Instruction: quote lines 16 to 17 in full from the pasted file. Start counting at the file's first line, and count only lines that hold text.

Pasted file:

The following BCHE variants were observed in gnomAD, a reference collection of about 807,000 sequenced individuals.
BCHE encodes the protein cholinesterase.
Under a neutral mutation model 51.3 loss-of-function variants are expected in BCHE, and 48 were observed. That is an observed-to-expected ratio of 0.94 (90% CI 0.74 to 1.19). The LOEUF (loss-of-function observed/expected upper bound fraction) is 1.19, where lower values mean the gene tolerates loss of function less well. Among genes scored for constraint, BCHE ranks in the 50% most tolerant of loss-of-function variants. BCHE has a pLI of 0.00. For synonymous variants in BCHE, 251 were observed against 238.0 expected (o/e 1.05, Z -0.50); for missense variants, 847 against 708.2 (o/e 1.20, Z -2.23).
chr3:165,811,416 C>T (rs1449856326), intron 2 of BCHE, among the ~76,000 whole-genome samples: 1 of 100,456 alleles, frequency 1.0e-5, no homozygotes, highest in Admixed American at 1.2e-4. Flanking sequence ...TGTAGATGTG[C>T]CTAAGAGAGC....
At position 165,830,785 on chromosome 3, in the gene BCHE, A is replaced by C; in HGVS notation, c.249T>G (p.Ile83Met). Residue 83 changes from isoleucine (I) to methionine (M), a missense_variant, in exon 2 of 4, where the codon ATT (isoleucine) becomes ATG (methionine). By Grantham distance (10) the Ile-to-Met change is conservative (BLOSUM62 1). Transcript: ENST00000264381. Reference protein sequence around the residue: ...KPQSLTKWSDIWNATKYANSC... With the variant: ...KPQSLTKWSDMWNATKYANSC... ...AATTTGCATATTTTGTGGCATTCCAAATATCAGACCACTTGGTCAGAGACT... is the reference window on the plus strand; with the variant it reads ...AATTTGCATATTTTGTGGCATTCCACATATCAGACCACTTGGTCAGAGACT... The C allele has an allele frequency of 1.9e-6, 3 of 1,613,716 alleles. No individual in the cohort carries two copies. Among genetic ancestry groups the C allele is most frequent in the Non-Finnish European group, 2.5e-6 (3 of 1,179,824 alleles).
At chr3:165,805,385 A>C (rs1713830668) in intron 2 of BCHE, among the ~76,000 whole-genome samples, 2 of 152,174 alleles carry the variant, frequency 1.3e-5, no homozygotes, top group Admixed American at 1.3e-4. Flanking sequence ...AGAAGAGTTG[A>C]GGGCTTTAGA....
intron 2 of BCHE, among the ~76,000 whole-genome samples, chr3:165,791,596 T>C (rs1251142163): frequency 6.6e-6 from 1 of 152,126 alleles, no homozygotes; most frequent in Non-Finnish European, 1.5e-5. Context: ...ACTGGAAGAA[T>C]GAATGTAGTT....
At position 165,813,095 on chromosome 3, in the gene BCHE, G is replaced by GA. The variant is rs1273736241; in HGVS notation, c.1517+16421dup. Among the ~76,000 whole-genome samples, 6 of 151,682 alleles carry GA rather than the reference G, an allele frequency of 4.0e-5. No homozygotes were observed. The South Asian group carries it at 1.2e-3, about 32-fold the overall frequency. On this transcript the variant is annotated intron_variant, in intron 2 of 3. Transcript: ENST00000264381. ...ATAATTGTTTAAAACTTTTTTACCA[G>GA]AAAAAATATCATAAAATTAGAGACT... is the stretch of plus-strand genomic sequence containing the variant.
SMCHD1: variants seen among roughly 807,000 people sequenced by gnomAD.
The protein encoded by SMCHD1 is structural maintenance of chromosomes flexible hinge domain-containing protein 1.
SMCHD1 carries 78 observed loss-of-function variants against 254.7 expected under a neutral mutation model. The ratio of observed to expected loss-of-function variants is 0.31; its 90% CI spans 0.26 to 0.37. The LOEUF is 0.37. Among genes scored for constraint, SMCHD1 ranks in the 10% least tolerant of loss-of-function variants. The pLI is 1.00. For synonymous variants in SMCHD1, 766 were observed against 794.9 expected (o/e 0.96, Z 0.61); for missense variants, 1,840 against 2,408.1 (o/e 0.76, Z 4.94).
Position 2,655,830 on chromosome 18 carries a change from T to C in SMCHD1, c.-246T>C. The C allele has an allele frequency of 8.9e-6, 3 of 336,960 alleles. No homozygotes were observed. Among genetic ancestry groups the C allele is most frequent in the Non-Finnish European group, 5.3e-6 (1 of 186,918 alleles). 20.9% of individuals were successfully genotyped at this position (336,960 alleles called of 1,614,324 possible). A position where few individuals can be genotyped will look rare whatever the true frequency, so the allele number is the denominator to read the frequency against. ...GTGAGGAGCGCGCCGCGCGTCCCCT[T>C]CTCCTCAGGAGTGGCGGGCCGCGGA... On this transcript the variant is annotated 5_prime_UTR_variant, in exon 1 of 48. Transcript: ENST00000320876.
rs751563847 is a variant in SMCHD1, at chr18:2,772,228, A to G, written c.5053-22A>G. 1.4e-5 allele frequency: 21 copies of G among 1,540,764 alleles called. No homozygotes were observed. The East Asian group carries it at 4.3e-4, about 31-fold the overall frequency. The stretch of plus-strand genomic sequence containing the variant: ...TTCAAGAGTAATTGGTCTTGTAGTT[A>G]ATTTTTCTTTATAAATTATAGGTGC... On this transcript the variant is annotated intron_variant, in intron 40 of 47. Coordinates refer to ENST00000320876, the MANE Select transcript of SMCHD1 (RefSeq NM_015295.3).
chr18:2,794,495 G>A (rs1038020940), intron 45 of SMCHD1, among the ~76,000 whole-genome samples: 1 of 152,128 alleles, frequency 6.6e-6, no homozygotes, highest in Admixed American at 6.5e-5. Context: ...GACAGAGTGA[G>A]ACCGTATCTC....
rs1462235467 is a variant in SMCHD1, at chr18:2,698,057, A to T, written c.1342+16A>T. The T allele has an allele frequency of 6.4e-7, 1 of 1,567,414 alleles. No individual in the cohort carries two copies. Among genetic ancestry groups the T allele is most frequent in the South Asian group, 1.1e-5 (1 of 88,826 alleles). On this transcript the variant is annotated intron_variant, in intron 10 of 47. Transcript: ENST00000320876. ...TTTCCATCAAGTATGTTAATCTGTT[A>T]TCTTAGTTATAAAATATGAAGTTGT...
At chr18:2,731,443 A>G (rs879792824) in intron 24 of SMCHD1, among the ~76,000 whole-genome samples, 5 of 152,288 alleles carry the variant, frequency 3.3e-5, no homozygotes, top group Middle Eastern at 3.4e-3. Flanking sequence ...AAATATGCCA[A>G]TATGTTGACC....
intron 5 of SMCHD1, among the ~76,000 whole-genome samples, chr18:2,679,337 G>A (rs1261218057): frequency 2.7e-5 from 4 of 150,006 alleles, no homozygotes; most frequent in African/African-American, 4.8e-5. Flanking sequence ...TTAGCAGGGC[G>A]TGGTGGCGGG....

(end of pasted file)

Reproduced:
At chr18:2,731,443 A>G (rs879792824) in intron 24 of SMCHD1, among the ~76,000 whole-genome samples, 5 of 152,288 alleles carry the variant, frequency 3.3e-5, no homozygotes, top group Middle Eastern at 3.4e-3. Flanking sequence ...AAATATGCCA[A>G]TATGTTGACC....
intron 5 of SMCHD1, among the ~76,000 whole-genome samples, chr18:2,679,337 G>A (rs1261218057): frequency 2.7e-5 from 4 of 150,006 alleles, no homozygotes; most frequent in African/African-American, 4.8e-5. Flanking sequence ...TTAGCAGGGC[G>A]TGGTGGCGGG....